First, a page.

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Wednesday, September 22, 2004


The Nigerian government today released more information about Monday's attacks on two police stations in the northern Nigerian state of Borno. The attacks have left six civilians dead. 20 members of the radical Muslim group Al-Sunna wal Jamma, who also claim to be 'Taliban' fighters, attacked the two civilian outposts in towns about 25 miles apart. The approximately 200 member group was also responsible for similar attacks in January of this year, in which the group destroyed several police outposts, killed a policeman, and burned buildings and cars. The group has not commented on the purpose behind the attacks.

So what exactly is going on here? Are these attacks indicative of a growing terrorist base in this oil rich nation, an extension of al Qaeda whose modus operandi is often to work with indigenous Islamic radicals to further the larger movement? Or are they just an isolated extremist group, unconnected with the larger extremist attack on the west? And most importantly for those concerned about oil security, are the attacks a signal that Nigeria's oil infrastructure, like Iraq's, might, become a target of Islamic terrorism?

A couple of facts seem ominous. 12 Nigerian states, including the ones where the attacks have taken place, have adopted Sharia, or Islamic law. The Taliban in Afghanistan were founded precisely in order to impose Sharia there. What's worse, in February 2003 Osama bin Laden mentioned Nigeria along with Jordan, Morocco, Pakistan, Saudi Arabia, and Yemen as a state acting as "a slave to America" and "ready for liberation" by the imposition of Islamic law.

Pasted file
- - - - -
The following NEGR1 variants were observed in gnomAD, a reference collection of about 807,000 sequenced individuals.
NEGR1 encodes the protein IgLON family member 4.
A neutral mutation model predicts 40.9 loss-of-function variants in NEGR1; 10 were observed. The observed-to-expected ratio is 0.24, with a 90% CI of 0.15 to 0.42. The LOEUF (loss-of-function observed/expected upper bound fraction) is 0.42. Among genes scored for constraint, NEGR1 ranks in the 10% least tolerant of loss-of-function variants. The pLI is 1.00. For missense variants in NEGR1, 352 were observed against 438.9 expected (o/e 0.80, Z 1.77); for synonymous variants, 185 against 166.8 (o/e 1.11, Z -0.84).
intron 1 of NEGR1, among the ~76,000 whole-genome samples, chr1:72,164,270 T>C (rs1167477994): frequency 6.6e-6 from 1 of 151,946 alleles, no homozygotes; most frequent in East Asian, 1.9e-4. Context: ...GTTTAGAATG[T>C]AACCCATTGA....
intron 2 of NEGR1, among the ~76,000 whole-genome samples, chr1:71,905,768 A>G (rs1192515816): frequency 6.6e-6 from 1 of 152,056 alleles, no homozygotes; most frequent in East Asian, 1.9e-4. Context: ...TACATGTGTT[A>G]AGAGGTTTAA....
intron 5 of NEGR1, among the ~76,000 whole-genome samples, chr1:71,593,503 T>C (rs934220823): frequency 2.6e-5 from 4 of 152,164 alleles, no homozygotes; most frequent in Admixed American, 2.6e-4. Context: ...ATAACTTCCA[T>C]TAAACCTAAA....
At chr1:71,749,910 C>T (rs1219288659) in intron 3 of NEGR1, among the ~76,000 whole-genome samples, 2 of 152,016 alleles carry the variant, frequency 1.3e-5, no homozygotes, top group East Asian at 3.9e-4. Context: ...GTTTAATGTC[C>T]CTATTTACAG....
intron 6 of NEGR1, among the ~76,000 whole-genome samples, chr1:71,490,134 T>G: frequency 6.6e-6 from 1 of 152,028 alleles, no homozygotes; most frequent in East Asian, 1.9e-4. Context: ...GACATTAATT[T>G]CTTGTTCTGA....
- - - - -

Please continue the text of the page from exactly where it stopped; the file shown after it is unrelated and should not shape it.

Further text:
Nigeria's oil infrastructure, of course, has long been the target ethnically-motivated attacks, including sabotage, arson, kidnappings, and killings. Today, in fact, soldiers were deployed throughout Port Harcourt, Nigeria as rival gangs clashed over revenues from stolen oil. In addition, local villagers have often resented the intrusion of the oil industry and feel that they are not being adequately compensated for the social and environmental disruption. However, none of these attacks have been religiously inspired, despite the religious divisions in the country. Nigeria's population of approximately 120 million is roughly split between Muslims in the North and Christians in the South.

This demographic may be one of the main indicators, though, that the oil industry does not yet need to fear that al Qaeda or Al-Sunna wal Jamma. While Nigeria's 2.1 million bbl/d of crude oil comes out of the south-western Niger River Delta and the coastal waters of the Gulf of Guinea, the Nigerian 'Taliban' are located in the far north-eastern corner of the country on the border with Niger. Furthermore, they don't enjoy the slightest bit of popularity among the Muslim population concentrated in the north where they reside. Muslim residents in the cities where the most recent attacks took place came to the aid of the police when they came under fire.

While Al-Sunna wal Jamma might claim the 'Taliban' mantle, there is no sign that any contacts have been made with al Qaeda. Until that happens, they remain little more than one of Nigeria's many criminal groups.


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